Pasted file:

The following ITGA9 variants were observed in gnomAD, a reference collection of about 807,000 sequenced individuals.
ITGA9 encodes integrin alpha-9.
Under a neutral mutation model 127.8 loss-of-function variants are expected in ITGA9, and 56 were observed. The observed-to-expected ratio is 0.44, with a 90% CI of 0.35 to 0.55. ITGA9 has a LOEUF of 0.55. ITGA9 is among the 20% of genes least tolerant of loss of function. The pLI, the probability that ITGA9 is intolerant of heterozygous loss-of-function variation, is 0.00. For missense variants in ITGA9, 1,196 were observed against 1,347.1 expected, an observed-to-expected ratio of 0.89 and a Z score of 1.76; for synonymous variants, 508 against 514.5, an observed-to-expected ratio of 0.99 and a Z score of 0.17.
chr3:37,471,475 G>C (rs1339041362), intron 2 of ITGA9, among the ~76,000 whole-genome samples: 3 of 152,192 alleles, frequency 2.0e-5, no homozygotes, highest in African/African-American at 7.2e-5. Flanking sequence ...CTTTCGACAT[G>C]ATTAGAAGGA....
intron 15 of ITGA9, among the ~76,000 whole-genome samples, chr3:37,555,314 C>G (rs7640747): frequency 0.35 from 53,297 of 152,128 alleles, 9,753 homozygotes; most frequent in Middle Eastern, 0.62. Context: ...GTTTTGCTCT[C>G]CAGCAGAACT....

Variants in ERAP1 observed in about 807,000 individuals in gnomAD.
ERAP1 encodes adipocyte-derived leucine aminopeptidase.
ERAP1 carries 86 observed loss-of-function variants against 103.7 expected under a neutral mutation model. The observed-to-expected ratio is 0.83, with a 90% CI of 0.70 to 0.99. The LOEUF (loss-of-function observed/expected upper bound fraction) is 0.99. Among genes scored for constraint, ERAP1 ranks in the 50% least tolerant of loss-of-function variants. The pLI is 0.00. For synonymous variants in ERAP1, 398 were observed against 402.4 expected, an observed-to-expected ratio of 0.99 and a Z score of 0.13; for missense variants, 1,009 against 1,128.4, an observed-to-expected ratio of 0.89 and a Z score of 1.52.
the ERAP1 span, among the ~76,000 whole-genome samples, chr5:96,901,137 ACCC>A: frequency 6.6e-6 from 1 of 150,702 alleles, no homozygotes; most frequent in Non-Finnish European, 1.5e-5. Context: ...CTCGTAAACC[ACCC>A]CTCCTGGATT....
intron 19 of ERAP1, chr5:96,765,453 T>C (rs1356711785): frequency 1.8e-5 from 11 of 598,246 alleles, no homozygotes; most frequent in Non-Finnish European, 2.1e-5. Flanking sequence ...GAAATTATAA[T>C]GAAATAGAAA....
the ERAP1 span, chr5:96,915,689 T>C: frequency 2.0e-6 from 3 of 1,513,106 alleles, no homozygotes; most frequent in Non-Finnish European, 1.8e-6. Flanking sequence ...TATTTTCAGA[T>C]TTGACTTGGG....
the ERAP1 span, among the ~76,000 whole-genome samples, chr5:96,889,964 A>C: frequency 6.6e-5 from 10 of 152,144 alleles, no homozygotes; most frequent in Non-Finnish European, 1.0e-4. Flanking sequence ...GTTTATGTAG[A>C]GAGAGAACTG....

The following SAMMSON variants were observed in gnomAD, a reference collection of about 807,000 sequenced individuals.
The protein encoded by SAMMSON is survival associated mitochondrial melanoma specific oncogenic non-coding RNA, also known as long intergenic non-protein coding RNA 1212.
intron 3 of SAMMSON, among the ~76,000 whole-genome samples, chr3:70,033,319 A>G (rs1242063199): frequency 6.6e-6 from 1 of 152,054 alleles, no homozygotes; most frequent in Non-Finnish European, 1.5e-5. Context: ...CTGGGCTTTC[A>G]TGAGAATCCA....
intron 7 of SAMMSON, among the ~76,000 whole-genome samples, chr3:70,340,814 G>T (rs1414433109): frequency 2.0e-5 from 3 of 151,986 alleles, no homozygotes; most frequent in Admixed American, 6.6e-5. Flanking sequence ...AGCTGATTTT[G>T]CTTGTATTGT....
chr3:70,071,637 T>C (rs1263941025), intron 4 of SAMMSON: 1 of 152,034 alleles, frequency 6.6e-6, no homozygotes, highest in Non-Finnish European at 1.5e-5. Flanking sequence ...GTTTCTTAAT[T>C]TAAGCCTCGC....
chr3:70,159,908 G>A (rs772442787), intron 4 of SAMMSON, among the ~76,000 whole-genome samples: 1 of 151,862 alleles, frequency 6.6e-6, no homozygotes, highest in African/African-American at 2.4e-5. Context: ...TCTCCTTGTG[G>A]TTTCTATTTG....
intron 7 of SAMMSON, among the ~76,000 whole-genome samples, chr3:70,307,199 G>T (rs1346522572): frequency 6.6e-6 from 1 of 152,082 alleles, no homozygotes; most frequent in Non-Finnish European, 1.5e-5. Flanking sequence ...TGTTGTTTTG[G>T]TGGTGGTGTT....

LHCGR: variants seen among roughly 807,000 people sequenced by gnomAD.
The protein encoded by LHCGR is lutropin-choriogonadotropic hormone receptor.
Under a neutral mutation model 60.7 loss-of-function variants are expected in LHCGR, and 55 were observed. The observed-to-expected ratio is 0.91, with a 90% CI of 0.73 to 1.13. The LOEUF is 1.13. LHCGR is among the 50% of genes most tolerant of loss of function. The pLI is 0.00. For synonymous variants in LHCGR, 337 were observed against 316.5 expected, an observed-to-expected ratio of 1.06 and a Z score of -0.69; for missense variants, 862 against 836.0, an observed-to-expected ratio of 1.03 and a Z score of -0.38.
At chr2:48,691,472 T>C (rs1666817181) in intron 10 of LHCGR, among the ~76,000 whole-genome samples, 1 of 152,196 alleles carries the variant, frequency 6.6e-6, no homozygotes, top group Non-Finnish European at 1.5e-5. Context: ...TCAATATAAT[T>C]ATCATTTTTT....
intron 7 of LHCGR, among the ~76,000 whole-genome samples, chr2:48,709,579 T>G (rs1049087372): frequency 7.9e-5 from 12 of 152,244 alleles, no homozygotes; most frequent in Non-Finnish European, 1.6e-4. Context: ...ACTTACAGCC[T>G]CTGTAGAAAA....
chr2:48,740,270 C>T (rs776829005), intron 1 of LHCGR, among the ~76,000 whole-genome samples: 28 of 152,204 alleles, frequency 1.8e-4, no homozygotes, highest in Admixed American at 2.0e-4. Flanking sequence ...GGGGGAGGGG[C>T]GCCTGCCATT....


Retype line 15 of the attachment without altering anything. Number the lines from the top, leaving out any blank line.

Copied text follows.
intron 3 of SAMMSON, among the ~76,000 whole-genome samples, chr3:70,033,319 A>G (rs1242063199): frequency 6.6e-6 from 1 of 152,054 alleles, no homozygotes; most frequent in Non-Finnish European, 1.5e-5. Context: ...CTGGGCTTTC[A>G]TGAGAATCCA....